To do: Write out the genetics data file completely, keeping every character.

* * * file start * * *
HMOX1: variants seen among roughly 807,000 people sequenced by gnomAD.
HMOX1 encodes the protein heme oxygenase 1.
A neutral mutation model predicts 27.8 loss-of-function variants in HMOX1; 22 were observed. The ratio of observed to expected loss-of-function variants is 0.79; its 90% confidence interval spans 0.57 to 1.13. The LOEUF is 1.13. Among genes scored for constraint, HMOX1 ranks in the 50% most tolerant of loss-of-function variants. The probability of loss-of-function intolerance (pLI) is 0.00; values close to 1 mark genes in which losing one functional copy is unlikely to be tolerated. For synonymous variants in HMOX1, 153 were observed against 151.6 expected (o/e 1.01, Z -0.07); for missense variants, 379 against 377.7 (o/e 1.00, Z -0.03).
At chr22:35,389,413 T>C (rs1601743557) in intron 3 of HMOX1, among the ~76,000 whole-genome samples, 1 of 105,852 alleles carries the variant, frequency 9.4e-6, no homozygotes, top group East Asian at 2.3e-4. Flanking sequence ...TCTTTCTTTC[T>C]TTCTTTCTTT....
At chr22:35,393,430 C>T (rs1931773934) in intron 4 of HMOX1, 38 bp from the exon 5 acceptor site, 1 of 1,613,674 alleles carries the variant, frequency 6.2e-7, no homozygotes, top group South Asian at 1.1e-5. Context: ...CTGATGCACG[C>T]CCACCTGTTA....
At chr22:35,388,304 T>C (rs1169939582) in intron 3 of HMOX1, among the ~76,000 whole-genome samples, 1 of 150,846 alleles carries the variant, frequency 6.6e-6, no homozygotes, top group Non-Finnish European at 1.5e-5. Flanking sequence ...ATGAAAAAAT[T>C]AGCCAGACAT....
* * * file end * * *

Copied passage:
HMOX1: variants seen among roughly 807,000 people sequenced by gnomAD.
HMOX1 encodes the protein heme oxygenase 1.
A neutral mutation model predicts 27.8 loss-of-function variants in HMOX1; 22 were observed. The ratio of observed to expected loss-of-function variants is 0.79; its 90% confidence interval spans 0.57 to 1.13. The LOEUF is 1.13. Among genes scored for constraint, HMOX1 ranks in the 50% most tolerant of loss-of-function variants. The probability of loss-of-function intolerance (pLI) is 0.00; values close to 1 mark genes in which losing one functional copy is unlikely to be tolerated. For synonymous variants in HMOX1, 153 were observed against 151.6 expected (o/e 1.01, Z -0.07); for missense variants, 379 against 377.7 (o/e 1.00, Z -0.03).
At chr22:35,389,413 T>C (rs1601743557) in intron 3 of HMOX1, among the ~76,000 whole-genome samples, 1 of 105,852 alleles carries the variant, frequency 9.4e-6, no homozygotes, top group East Asian at 2.3e-4. Flanking sequence ...TCTTTCTTTC[T>C]TTCTTTCTTT....
At chr22:35,393,430 C>T (rs1931773934) in intron 4 of HMOX1, 38 bp from the exon 5 acceptor site, 1 of 1,613,674 alleles carries the variant, frequency 6.2e-7, no homozygotes, top group South Asian at 1.1e-5. Context: ...CTGATGCACG[C>T]CCACCTGTTA....
At chr22:35,388,304 T>C (rs1169939582) in intron 3 of HMOX1, among the ~76,000 whole-genome samples, 1 of 150,846 alleles carries the variant, frequency 6.6e-6, no homozygotes, top group Non-Finnish European at 1.5e-5. Flanking sequence ...ATGAAAAAAT[T>C]AGCCAGACAT....